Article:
Three years ago, Ilan Halimi was found unconscious near railroad tracks in Paris. Halimi was naked, gagged and handcuffed; his body showed tremendous signs of torture. The New Yorker later reported:
The police traced the crime to a group that became known as “the gang of Barbarians” allegedly led by Youssouf Fofana, the twenty-five-year-old son of African immigrants, and determined that Halimi had been abducted because he was Jewish. Eighteen people were arrested in France, and after a manhunt that led to the Ivory Coast, Fofana was taken into custody. Fofana denied killing Halimi, and that his actions were motivated by race, but other detainees told the police that “Jews have money,” and that they believed that Halimi’s parents, a working-class couple, or:the rabb” would pay half a million dollars for Halimi’s release.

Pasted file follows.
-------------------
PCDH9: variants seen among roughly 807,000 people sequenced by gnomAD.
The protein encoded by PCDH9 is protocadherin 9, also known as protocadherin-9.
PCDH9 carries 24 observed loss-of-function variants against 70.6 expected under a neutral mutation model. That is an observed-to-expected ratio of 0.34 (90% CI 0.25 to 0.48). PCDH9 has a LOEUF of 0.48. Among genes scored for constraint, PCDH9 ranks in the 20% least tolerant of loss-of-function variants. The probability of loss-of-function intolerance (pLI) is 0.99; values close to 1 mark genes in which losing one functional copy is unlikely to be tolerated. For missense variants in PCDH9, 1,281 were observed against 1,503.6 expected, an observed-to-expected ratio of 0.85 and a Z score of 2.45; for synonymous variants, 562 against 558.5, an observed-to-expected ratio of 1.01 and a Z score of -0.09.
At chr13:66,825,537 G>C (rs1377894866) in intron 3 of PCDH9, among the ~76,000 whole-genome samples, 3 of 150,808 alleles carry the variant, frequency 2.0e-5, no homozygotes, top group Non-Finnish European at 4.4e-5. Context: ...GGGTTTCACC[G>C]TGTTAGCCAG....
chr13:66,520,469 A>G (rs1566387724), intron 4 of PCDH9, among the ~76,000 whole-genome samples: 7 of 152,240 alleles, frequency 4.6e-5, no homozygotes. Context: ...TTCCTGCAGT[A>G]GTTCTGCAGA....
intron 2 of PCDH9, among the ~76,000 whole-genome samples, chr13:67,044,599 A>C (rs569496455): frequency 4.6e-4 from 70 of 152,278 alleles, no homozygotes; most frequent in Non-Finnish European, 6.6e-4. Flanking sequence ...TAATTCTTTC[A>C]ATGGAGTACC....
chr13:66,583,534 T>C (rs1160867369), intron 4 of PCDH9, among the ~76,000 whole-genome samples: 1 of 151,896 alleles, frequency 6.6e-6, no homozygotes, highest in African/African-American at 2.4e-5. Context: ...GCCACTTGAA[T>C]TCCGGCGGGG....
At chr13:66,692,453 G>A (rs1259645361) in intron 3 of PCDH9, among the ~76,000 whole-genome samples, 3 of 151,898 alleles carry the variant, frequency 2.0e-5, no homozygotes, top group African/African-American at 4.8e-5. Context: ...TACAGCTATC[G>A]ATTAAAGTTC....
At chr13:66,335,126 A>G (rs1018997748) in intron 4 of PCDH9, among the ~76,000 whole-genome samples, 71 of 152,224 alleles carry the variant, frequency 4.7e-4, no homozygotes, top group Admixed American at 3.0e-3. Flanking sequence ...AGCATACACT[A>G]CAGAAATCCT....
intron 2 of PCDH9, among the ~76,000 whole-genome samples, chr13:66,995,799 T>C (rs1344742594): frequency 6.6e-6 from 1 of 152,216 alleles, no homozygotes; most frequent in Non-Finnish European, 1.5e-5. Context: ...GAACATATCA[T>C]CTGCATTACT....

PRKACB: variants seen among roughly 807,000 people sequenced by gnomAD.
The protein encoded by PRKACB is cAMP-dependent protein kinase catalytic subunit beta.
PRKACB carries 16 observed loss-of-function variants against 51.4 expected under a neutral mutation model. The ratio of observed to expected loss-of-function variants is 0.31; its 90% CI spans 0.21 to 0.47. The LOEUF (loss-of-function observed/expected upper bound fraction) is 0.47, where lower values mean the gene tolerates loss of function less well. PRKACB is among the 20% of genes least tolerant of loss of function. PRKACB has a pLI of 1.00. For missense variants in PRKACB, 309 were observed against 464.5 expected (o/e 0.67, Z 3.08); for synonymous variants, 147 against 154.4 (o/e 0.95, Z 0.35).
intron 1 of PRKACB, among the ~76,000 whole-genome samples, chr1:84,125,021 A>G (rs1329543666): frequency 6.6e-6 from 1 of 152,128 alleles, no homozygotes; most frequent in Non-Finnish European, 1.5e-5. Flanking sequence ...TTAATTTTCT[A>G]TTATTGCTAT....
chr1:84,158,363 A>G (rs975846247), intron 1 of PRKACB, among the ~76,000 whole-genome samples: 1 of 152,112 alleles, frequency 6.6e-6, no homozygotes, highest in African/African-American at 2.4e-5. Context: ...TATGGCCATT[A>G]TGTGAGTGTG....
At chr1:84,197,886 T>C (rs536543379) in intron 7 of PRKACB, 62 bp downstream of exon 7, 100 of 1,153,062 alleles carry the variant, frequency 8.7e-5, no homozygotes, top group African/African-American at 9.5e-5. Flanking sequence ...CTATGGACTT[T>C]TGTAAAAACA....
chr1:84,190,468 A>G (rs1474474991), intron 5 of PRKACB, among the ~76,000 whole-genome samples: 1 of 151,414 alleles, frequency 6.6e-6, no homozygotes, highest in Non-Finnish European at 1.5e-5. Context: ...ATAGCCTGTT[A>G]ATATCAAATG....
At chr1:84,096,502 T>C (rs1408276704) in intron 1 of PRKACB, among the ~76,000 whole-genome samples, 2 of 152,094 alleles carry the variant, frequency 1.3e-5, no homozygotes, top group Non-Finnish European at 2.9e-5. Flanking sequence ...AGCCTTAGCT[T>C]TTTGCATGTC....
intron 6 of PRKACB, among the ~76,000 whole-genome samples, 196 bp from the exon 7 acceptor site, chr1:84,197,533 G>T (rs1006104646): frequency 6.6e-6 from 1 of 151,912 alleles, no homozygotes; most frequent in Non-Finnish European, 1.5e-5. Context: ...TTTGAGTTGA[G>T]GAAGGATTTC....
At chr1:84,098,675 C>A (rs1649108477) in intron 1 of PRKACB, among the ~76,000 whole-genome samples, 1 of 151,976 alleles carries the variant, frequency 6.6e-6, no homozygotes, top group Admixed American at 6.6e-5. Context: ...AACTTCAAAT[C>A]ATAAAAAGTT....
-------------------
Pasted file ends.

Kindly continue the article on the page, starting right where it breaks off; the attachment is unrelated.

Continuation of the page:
The case is fraught with religious overtones and socioeconomic undertones. And this week, the long-awaited trial of Fofana and 26 others implicated in Halimi’s murder will begin. Most of the men and women face lesser charges than Fofana, who is accused of murder and conspiracy.
The trial will be closed to the public, but its outcome, regarding a case that rocked France and Jews around the world, will be closely followed.
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